Erap’s son is better off rejecting a House seat
PRESIDENTIAL son Joseph Victor Ejercito does not need a seat in the House of Representatives, he does not need to wade into the crocodile farm, to add to his well-deserved laurels earned through his own merits.
It will be to his credit, and to his father the President, if he now makes an unequivocal public declaration that he is withdrawing his name as nominee for a seat in Congress as a party-list congressman.
JV is already doing exceedingly well in his own right as a businessman and national president of the Jaycees. He should resent the way he is being used as lead man to open the gates for 37 losing candidates for party-list or sectoral representatives.
The impression that he is trying to gatecrash into Congress on the strength of his being a presidential son is not doing him and his father any good.
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THE decision of the Commission on Elections to allow 37 losers in the last party-list election to sit as sectoral congressmen is a monumental fraud that all right-thinking Filipinos should not allow to pass.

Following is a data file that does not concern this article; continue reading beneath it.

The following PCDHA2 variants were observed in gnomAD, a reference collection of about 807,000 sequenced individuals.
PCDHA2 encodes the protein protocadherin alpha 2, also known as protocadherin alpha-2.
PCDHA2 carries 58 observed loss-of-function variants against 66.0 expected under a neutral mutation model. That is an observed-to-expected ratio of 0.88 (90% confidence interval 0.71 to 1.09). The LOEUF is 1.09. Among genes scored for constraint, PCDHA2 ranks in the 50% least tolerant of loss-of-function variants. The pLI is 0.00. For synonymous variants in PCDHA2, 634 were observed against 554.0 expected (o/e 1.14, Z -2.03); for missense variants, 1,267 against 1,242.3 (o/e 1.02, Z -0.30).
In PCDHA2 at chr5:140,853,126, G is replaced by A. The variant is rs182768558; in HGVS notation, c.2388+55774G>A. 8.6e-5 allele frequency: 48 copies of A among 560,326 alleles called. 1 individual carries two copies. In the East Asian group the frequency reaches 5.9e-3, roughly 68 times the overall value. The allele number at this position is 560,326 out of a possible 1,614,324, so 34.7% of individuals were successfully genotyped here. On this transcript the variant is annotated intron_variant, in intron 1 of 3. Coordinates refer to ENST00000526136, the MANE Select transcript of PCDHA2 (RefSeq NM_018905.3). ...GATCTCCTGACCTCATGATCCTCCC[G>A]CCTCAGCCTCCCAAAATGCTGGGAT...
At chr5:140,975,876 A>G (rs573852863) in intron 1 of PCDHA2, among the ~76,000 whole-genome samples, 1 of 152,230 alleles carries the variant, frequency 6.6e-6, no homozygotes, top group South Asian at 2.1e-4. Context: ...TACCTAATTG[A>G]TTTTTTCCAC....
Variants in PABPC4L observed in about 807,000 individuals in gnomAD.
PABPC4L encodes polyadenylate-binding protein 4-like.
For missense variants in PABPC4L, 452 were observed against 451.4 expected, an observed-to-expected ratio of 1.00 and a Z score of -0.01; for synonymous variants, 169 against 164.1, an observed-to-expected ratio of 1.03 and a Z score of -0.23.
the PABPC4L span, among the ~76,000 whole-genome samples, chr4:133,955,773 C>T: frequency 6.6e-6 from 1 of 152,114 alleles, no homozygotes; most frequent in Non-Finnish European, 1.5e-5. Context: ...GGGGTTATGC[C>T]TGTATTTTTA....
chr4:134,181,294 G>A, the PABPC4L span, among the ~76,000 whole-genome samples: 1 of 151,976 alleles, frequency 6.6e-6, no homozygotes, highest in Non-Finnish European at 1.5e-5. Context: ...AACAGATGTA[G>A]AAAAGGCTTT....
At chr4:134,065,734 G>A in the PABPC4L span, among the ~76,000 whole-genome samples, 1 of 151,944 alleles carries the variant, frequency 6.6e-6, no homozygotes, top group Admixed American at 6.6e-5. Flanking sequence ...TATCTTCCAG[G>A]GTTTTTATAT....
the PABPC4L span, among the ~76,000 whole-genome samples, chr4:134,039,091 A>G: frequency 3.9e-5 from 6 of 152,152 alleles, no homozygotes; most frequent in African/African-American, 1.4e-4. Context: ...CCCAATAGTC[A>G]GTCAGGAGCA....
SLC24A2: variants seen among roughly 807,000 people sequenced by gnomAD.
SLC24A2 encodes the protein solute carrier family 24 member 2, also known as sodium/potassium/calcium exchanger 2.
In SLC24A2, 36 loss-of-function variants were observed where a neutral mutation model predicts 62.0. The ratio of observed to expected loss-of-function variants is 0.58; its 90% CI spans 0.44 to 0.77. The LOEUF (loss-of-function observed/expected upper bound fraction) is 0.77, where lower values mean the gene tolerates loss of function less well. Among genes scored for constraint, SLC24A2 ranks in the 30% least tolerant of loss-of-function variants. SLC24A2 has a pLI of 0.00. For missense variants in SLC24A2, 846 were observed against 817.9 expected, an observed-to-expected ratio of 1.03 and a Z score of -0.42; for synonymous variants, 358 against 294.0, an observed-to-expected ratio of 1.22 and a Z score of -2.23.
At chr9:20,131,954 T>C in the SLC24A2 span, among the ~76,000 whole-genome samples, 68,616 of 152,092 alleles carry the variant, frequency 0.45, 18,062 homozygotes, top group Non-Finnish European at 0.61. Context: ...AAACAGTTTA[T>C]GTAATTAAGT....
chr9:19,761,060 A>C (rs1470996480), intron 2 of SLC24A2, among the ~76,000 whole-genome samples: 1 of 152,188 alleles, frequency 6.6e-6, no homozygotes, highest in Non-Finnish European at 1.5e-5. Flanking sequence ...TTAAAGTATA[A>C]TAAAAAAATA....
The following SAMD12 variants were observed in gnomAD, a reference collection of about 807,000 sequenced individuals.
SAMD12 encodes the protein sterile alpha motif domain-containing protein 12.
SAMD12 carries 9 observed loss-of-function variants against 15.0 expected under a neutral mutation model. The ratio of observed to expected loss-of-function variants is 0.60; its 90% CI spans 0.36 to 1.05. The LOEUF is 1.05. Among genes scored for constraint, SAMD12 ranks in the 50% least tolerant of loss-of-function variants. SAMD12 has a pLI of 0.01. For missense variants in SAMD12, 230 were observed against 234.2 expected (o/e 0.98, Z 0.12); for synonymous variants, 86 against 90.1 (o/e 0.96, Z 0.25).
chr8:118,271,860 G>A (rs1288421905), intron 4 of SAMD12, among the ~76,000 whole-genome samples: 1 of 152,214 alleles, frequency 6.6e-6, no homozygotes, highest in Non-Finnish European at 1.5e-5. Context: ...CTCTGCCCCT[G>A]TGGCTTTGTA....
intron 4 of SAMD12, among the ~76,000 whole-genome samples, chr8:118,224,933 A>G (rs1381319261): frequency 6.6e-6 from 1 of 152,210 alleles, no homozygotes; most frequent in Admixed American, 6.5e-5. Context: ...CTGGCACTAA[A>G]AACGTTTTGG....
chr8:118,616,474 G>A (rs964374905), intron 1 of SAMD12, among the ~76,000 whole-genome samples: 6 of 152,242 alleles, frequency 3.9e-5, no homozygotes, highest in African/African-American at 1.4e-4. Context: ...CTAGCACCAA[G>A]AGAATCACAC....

These sectoral congressmen being sneaked in by the Comelec failed to garner the minimum 2-percent vote (of the total cast for party-list candidates) explicitly required by the law governing party-list elections. (Thirteen other groups that won the required 2 percent had already been declared winners and their representatives now sit in Congress.)
No amount of legal contortions — and pa-sipsip to the President — by the Comelec can transform the 37 clear losers into winners. Their using the President’s son to spearhead the sneak attack is a cheap trick.
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TO justify its weird thinking, the Comelec cites Section 5 (1) of Article VI (The Legislative Department) of the Constitution which speaks of a “House of Representatives… composed of not more than 250 members….”
Note that the charter merely sets a ceiling, and does not say that Congress must be filled to the full capacity of 250 members. But the Comelec insists that even losers should be declared winners just to fill the 250 seats!
Why the Comelec’s unusual interest in padding Congress? Who is working it out? And for how many million reasons?
Don’t you think there are already just too many congressmen? Why add more of the same species, especially if they are of dubious legitimacy?
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THE same section of the Constitution also says that the members of the House shall consist of the congressmen elected from the legislative districts “… and those who, as provided by law, shall be elected through a party-list system of registered national, regional, and sectoral parties or organizations.”
As provided by law (under RA 7941, the party-list law), only those who garner at least 2 percent of the votes cast can qualify as elected party-list or sectoral representatives.